When I applied for a Fulbright, I figured three or four months would be plenty of time to see New Zealand. I didn’t plan on being super-pregnant. I knew pregnancy would put a damper on my adventure travel plans. (Even a laid-back country won’t let me bungee jump.) But I didn’t realize just how short my travel window would be. Between my project, Geoff’s work, Eliza’s school, and a baby due in April, that window is shrinking. Acting fast, we booked a short trip to the South Island.
With only five days to travel, Geoff and I decided to start our trip in Dunedin then explore the southern part of the island. My friend Simon, a New Zealand Fulbright teacher, planned a tour of his school, and some other Dunedin teachers offered to help with my project. We booked places on Airbnb, reserved tickets for a boat tour of Doubtful Sound, and learned more about Denis Henderson, the Southern Man. Michigan friends, think Bob Seger; Canadian friends, think Stompin’ Tom. If you don’t want to think about either of them, watch this video of Mr. Henderson’s popular song/beer commercial, Southern Man.
Just outside the Dunedin airport, we were greeted by the Southern Man statue, confirming that we’d done our homework. The Airbnb in Dunedin was better than we could have hoped. We slept in a bus. Our hosts, Arran and Fiona, purchased it from a Dutch man who converted the interior to resemble a Dutch houseboat. It was cozy and full of clever fixes for a small space. Arran and Fiona had four charming kids, two sheep, a bunch of chickens, and a very friendly dog. Eliza was in heaven. They provided us with homemade bread, jam, fresh eggs, and fruit. Arran, a teacher in Dunedin, was happy to hang out by the fire with us and talk about education, politics, and whatever else. Geoff and I were just as happy as Eliza.
After a great day at Simon’s school, an after-school meeting with a new teacher, and another night at the campfire, we crossed the island to Te Anau for a boat tour of Doubtful Sound. The drive was the perfect mix of beautiful scenery, quirky tourist attractions, and giant roadside statues. Our next Airbnb was called the Hunker Bunker: a comfortable, solar powered house with amazing views. Our hosts, Dave and Joy, were warm and friendly. Dave even took Geoff and Eliza out on his four-wheeler to meet their red deer named Dot. We spent the night hanging out by the fireplace, humming the Southern Man song, and marveling at the stars. The next day would be the boat trip through Doubtful Sound, something I’d looked forward to for months.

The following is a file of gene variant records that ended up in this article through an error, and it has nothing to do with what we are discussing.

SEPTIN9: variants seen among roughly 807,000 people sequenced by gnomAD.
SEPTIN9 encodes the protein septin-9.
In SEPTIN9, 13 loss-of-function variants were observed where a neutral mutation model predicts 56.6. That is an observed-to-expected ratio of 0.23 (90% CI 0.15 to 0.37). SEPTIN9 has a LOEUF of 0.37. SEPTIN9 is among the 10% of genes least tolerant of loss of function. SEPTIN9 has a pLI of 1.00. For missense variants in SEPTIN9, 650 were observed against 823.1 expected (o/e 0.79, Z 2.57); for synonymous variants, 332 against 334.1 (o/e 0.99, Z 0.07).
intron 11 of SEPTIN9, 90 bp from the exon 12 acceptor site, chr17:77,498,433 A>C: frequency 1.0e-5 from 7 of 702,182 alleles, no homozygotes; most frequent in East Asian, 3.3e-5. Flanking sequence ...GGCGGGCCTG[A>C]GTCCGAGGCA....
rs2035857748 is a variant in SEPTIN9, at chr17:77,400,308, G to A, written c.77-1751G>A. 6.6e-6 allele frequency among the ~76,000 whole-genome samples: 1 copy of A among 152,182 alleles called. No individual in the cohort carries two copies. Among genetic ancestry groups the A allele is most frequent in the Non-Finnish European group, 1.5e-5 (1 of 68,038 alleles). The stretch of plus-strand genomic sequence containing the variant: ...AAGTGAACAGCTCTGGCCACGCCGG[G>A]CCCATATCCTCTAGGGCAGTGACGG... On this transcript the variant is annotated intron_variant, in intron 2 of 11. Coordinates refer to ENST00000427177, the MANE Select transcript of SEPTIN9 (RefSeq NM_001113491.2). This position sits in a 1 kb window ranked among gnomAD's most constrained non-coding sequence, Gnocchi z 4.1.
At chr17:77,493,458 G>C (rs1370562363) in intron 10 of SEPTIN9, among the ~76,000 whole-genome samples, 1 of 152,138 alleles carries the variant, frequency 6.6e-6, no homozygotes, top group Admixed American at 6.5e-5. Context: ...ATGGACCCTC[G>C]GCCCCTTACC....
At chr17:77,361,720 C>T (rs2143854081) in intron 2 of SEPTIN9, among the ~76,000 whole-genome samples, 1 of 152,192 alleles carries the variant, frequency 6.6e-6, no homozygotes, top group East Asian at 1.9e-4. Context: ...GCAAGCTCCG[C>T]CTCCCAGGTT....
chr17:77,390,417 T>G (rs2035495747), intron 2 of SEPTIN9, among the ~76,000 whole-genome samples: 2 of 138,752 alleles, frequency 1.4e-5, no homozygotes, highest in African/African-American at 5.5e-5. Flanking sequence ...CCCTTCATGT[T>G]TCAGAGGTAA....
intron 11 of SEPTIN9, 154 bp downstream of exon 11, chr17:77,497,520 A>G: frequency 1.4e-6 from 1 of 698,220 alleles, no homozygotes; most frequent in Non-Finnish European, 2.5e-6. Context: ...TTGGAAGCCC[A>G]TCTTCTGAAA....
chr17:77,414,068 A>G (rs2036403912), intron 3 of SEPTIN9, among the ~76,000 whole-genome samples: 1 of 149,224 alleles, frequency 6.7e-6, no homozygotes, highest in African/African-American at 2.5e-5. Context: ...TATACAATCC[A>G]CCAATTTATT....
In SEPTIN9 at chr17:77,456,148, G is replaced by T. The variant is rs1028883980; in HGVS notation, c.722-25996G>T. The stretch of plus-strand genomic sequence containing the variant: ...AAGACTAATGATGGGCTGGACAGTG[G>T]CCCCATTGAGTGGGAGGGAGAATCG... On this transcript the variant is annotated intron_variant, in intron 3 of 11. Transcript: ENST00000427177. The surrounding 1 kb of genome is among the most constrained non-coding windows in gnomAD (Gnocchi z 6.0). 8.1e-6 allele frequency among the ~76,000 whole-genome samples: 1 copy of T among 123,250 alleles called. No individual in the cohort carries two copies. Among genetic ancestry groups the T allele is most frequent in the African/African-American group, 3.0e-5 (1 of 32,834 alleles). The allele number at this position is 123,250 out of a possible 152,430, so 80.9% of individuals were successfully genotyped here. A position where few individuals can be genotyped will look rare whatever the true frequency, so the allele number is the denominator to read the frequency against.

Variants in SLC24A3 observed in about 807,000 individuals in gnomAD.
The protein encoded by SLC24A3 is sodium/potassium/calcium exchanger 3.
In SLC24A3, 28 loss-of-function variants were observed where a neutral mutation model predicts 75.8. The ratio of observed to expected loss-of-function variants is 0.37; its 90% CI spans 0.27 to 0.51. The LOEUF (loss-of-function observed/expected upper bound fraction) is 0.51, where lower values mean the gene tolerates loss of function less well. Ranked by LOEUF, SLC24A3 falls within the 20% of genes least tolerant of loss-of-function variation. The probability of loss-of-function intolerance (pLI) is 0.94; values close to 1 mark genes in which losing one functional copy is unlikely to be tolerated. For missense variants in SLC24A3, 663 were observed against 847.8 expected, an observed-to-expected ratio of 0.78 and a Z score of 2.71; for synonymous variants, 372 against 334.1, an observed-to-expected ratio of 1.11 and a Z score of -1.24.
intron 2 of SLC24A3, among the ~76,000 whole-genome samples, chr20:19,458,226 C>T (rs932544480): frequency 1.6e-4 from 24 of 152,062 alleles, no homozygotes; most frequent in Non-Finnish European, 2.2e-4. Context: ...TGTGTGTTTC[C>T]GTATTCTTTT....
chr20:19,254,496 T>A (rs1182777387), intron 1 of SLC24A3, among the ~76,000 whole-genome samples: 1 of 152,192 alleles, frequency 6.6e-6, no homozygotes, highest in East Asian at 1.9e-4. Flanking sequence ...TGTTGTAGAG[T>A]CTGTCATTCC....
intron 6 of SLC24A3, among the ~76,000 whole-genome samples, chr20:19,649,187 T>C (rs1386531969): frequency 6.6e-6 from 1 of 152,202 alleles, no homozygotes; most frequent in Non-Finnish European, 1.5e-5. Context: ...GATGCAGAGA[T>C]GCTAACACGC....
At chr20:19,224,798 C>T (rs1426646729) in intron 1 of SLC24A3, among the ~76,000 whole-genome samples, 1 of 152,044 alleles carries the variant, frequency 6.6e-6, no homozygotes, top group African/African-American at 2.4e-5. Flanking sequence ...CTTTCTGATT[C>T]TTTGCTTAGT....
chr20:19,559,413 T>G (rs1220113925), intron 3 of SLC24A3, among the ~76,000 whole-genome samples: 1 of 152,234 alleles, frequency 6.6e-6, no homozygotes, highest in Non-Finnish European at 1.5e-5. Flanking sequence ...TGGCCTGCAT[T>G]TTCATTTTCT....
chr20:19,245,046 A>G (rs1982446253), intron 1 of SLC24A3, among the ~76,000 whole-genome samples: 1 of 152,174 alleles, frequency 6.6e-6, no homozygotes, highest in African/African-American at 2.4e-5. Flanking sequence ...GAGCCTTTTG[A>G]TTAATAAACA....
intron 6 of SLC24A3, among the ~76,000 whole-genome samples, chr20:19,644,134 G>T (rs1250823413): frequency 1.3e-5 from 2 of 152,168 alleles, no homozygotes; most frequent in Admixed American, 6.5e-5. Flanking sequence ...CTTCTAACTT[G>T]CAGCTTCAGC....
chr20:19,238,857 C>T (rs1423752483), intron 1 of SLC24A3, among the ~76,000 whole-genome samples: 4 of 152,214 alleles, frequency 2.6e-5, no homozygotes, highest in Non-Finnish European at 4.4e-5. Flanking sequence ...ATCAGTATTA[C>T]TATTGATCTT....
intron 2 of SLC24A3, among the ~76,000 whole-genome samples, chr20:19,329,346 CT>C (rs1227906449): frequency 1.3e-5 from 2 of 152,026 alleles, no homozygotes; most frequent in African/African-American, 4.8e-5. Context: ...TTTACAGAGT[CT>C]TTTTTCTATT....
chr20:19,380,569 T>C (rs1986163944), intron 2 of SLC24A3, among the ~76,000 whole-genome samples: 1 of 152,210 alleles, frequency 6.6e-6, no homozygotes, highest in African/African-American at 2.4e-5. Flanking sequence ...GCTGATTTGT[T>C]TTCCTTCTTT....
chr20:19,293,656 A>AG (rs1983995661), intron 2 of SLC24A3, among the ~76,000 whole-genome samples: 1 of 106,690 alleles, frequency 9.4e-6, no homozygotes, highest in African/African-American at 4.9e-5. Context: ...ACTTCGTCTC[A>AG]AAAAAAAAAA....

Geoff and I have a running joke that every stunning bit of scenery in New Zealand was designed by Peter Jackson. That said, Peter Jackson did a heck of a job on Fjordlands National Park. The Doubtful Sound tour was six hours of fjords, mountains, and waterfalls. I don’t think I have the skills to describe it, but I know that I’m not satisfied with just taking the boat tour. I need to come back here—not pregnant—to camp for a few weeks.
We returned that night to the Hunker Bunker and created a dessert that Eliza named Marshmallow Jambonium: caramelized bananas topped with chocolate and toasted marshmallow.
The next day, we drove to Queenstown. We rode the steepest gondola in the Southern Hemisphere, and Geoff and Eliza took a luge part of the way down (another off-limits activity for pregnant ladies). Our drive back to Dunedin was every bit as pretty as the drive there: mountains, rivers, farm stands, and giant statues. We arrived back in Dunedin for an amazing homecooked dinner with Simon and his family. We spent one last night on the bus, and flew back to Wellington to prepare for the next adventure of having a baby on the other side of the world.